Topeka A law taking effect today says that Kansans have no duty to retreat when attacked and can "meet force with force," but legislators disagree about its significance.
The new statute also declares that people who use justifiable force against a perceived attacker can't be prosecuted or forced to pay damages unless they use force against law enforcement officers.
Legislators tucked the self-defense measure into a bill that also contained provisions cracking down on street gangs, clarifying laws against drug paraphernalia and raising from $500 or $1,000 the threshold that determines whether fraud is a felony or misdemeanor.
Both chambers approved the measure overwhelmingly May 3, and Sebelius signed it Friday, even though she had misgivings about the self-defense provision, spokeswoman Nicole Corcoran said.
"That was something bundled in with several other pieces of legislation," Corcoran said of the self-defense measure. "There were a couple of pieces that were important."
Supporters describe the self-defense measure as a "stand and defend" statute, or a "castle" law, after the notion that a man's home is his castle. Detractors have called it a "shoot your neighbor" proposal.
It's based in part on a Florida law enacted last year and in Oklahoma this year.
The new law declares that anyone engaged in a lawful activity, "anywhere such a person has a right to be" can use force to repel an attack.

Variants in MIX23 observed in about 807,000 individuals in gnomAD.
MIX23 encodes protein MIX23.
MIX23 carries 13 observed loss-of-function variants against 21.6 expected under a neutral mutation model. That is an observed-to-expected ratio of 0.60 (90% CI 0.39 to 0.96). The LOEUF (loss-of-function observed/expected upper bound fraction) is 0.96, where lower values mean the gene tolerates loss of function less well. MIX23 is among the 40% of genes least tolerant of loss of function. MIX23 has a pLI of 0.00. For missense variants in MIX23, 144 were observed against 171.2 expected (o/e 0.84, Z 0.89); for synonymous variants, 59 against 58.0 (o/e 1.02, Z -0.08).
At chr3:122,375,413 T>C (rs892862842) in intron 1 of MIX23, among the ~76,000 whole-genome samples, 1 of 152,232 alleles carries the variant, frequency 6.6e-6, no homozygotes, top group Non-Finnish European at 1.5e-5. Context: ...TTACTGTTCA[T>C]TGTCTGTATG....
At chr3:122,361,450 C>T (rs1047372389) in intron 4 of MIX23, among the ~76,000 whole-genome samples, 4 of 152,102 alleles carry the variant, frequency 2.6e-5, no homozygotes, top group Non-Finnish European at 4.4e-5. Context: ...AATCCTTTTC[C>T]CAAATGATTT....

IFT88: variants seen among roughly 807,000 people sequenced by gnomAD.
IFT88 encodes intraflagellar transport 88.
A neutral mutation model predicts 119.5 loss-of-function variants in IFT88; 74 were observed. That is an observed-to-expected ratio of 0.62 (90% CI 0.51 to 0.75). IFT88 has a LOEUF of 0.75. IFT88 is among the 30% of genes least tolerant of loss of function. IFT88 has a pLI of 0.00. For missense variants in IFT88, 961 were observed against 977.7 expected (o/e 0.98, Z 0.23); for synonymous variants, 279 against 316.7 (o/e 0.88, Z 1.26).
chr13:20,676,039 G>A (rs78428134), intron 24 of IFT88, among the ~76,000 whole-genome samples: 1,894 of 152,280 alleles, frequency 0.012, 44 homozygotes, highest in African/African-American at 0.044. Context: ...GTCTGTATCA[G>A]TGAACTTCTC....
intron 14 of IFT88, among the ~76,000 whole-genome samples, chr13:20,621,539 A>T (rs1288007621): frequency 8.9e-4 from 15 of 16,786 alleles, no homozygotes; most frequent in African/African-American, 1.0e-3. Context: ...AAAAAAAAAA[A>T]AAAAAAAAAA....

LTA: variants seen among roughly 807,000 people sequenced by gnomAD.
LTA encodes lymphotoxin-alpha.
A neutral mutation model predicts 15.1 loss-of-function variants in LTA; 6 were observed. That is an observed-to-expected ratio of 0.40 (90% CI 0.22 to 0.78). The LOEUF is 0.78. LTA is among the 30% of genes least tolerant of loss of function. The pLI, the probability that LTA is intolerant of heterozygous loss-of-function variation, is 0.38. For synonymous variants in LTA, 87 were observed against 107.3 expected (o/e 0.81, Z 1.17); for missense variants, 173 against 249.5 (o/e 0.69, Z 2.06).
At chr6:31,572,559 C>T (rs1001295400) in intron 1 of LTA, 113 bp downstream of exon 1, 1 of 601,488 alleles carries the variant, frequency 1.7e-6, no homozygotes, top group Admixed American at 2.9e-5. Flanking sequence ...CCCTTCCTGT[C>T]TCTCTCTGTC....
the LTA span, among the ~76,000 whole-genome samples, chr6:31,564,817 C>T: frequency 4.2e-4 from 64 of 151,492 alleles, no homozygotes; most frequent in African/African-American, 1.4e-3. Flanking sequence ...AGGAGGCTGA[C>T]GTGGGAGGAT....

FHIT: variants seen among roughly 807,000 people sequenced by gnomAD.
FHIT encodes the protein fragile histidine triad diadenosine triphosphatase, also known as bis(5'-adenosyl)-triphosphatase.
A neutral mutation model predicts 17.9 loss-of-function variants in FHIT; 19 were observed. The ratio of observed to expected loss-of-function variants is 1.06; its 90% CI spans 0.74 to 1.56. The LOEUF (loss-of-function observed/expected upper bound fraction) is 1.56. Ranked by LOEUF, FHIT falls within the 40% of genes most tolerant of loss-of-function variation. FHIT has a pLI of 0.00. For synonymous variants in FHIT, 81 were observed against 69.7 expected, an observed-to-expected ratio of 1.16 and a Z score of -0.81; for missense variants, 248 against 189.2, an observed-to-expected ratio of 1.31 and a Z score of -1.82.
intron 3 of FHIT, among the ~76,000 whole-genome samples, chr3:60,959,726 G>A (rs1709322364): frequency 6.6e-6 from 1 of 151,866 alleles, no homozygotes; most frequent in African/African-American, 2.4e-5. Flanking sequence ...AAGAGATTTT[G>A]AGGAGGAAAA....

It says deadly force is justifiable when people believe they or others are in danger of "imminent death" or "great bodily harm." Also, deadly force can be used to prevent someone from entering a home or occupied vehicle unlawfully.
"This does away with that duty to retreat to meet force with force," said sponsoring Rep. Richard Carlson, R-St. Marys. "It also gives you civil immunity against lawsuits as long as you use justifiable force."
Carlson sees the new law as a significant step forward in allowing Kansans to defend themselves.
But Senate Judiciary Committee Chairman John Vratil said the state's legal traditions already held that someone didn't have to retreat to use force.
He said even the language granting immunity from prosecution or lawsuits, while new, isn't likely to have much effect, because defendants have always been able to argue they acted in self-defense. He said he and others agreed to the proposal to placate conservative legislators.
"What we did makes them think they got something," said Vratil, R-Leawood.
The new law won praise from the National Rifle Association, and Sen. Phil Journey, R-Haysville, a vocal gun rights advocate, said even if Kansas previously wasn't a state requiring someone to retreat, clarifying the law was valuable.